Adirondack Land Trust earns national recognition
KEENE — The Land Trust Accreditation Commission, an independent program of the Land Trust Alliance, announced on Wednesday, Feb. 27 that the Adirondack Land Trust has been awarded accreditation, a distinction signifying that the organization meets the highest national standards for land and water conservation.
“The Adirondack Land Trust has been committed to excellence in conservation for 35 years, and the seal of accreditation further demonstrates to Adirondack communities, landowners, and our partners and supporters that they can count on us,” Bill Paternotte, board chair of the Adirondack Land Trust, said in a press release.
“It is exciting to recognize the Adirondack Land Trust with this national mark of distinction,” Tammara Van Ryn, executive director of the commission, said in the release. “Donors and partners can trust the more than 400 accredited land trusts across the country are united behind strong standards and have demonstrated sound finances, ethical conduct, responsible governance and lasting stewardship.”
The Adirondack Land Trust is celebrating its 35th year of protecting farms and forests, undeveloped shoreline, scenic vistas, and lands and waters contributing to the quality of life of Adirondack communities as well as the wildness and rural character of the Adirondack Park. The land trust has protected 23,887 acres to date.
The accreditation commission is an independent program of the Land Trust Alliance, a national land conservation organization working to save the places people need and love by strengthening land conservation across America.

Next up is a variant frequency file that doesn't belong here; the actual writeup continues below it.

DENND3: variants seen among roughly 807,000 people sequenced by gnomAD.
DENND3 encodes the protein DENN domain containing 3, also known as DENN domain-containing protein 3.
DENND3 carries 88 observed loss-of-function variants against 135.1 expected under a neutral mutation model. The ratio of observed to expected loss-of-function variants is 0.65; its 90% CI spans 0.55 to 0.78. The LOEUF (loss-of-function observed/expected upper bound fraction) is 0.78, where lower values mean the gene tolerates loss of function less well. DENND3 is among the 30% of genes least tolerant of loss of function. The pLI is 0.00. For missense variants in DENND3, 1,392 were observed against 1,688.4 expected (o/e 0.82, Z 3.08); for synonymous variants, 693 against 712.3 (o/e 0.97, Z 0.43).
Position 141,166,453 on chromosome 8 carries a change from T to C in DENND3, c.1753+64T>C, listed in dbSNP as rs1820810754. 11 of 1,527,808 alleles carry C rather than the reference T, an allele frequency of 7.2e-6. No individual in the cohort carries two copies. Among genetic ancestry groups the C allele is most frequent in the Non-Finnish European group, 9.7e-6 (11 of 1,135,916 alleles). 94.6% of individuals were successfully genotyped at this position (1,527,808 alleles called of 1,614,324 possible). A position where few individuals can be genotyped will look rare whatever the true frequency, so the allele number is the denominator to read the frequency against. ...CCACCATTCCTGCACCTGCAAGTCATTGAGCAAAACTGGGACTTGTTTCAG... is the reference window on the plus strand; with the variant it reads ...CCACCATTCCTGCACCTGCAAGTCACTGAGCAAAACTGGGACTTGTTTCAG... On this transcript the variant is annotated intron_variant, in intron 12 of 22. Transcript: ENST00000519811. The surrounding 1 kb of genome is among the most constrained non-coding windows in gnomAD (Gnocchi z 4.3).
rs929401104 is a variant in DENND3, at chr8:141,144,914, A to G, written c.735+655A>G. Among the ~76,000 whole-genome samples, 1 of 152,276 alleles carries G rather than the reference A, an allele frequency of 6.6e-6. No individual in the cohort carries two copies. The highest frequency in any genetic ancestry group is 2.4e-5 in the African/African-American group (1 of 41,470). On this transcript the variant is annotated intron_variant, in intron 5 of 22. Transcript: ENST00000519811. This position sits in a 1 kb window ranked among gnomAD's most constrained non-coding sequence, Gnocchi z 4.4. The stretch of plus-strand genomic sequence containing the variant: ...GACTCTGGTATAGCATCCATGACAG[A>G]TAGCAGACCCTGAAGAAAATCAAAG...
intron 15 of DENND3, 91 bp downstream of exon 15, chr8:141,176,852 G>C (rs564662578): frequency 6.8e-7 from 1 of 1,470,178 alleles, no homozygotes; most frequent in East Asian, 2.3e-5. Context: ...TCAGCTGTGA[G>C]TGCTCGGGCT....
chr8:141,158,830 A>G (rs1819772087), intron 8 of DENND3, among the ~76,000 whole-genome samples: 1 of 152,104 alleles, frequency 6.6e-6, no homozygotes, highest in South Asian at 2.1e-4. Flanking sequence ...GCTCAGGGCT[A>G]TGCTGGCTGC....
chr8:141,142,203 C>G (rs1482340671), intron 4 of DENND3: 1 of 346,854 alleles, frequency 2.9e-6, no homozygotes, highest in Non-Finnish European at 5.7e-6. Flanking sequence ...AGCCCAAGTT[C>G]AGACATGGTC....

“The accreditation seal reflects years of hard work by our board and staff to ensure that our policies and procedures are rigorously designed and carefully followed,” Paternotte added. “We should also point out that we are grateful to independent consultant Henrietta Jordan, of Keene Valley, for her leadership and expert guidance through the accreditation process.”
Jordan specializes in helping land trusts implement Land Trust Alliance standards and practices. She has guided 39 land trusts to accreditation and has conducted workshops at regional and national land trust conferences.
Mike Carr, executive director of the Adirondack Land Trust, also thanked the Adirondack Chapter of The Nature Conservancy for contracted support from the following staff who played a key role in preparing the land trust for accreditation: Craig Cheeseman, geographic information systems manager; Todd Dunham, former director of stewardship programs; Chris Jage, land protection manager; Jan Maria Localio, conservation program coordinator and stewardship specialist; Bill Martin, stewardship specialist; and Beth Pelkey, administrative assistant.